So sorry your first introduction did not go so well. If you read about all the horrible diseases you could understand why they would kill a new bird right off the bat--they see them as a risk to the whole flock. Your birds are not especially mean or nasty, they are just being chickens. If you decide to try it again, get at least 2 pullets, they can keep each other company during quarantine (do a search on that). I built a small movable coop, and sectioned off an area of the run. Keep them separated, but visible, for at least 2 weeks (I did a month, to make sure). Don't get discouraged, introductions are always hard, especially in confined run situations.
  7. Beekissed

    Beekissed Flock Master

    The last chicken I introduced into the flock was held in an area where the others could see him and hear him. After about a week, I put one of the older hens that I am planning to cull later in with him for company. That didn't go so well......younger roo, older hen.....poor girl had to stay on the roost to get any rest! [​IMG]

    Since I free range, any new birds have open spaces in which to run away from persistent bullying. With the quarantine, they had time to get used to him and the only chicken to give him a hard time was my #1 roo.
  8. carolinachic

    carolinachic Out Of The Brooder

    Jan 18, 2009
    Fayetteville, NC
    Thanks so much for all the advise and kind words!
  9. Sorry about your chook loss... But when you are ready again to introduce other birds I hope it will go smoothly.

    Here is some of my advice. Yes tot he quarentine for 30 days. Also know who is the Highest on the pecking order in your coop. Make that the top two.. Usually, depending on the breed, he/she will stop any of that. But sometomes the Naughty ones, low ranking toublemakers will be the ones that will go all out just because they were bullied by upper members of the flock.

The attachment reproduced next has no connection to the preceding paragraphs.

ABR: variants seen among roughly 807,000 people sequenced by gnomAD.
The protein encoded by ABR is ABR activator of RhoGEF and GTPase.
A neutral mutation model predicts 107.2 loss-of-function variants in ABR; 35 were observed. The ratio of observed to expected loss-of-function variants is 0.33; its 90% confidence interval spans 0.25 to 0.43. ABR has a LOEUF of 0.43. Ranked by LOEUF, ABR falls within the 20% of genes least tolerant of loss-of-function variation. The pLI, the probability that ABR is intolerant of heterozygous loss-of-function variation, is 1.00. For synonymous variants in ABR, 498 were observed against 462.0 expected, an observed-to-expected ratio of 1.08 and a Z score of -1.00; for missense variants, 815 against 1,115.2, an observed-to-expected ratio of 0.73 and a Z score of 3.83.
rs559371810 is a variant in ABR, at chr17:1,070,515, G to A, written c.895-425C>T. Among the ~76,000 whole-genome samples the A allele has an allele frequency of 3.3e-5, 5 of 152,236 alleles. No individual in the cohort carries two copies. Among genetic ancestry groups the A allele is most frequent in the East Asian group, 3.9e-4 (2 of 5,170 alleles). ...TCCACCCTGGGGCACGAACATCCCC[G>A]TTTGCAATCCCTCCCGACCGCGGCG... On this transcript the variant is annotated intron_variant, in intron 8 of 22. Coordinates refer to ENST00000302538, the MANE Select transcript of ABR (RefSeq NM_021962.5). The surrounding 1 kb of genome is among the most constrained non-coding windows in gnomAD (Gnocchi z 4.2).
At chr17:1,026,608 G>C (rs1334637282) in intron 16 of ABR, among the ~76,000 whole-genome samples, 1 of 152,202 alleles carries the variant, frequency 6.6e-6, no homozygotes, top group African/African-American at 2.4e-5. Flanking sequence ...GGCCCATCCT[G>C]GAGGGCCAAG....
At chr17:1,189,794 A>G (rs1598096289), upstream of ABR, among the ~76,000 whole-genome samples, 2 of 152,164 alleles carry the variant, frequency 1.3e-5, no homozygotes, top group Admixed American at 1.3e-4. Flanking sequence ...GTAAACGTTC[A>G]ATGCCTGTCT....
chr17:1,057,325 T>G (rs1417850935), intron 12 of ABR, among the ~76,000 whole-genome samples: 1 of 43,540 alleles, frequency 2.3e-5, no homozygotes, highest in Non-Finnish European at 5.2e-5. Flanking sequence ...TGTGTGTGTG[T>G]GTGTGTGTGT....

What I have tried was to have a mini-kennel to see who will check out the new arrival. Then I would watch the body language of the hens, new and exsisting. Usually the naughty one will show herself. Other times it is one of those keep the newbie in there for a good X amount of days to see how they take to her, after quarentine to see if she changes too. Usually new gals needs to just adjust to the new place in general before they really get into the pecking order. I had newbie that came to be be the leader, in a days time of introduction and she just won't stop being a nipper to any hen that gets in pecking distance. But nice when I pick her up.....

    Another thing That I have read in books is to also introduce the new members in the late evening. However, That was a up and down due to the fact that, again, the nature of your existing flock.

    I hope this Helps...

    Last edited: Feb 15, 2009
  10. cmom

    cmom Hilltop Farm

    Nov 18, 2007
    My Coop
    [​IMG] Sorry about your loss. It’s amazing on how quickly we bond to our birds. I hate to loose any. I quarantine my new birds for at least a month before I introduce them to the others. I put them in adjacent runs for awhile so they can get used to seeing each other after I take them out of quarantine for around a month. I put mine together when they are about the same size. They will still establish their pecking order. I first let mine range together when my pullets are around 15 weeks old but watch them carefully. Initially when I let the birds out in the yard to free range, I put some scratch and seeds out in the yard so they will fixate on the treats instead so much on each other. I had two of my older hens pounce on some of the younger ones and even pull some feathers out., and yes they can kill other birds. I put the aggressive ones in a separate run for a week where they could see the others. When I let them back out with the flock one was still a bit aggressive. I happened to have a hose in my hand and when one of the older birds jumped on a younger one I gave her a shot of water from the hose and she got off and ran into the coop and didn't come out for awhile. The older birds still chase the younger ones once in awhile, but I haven't seen any real aggression. There are pictures on my BYC Page.
    Last edited: Feb 16, 2009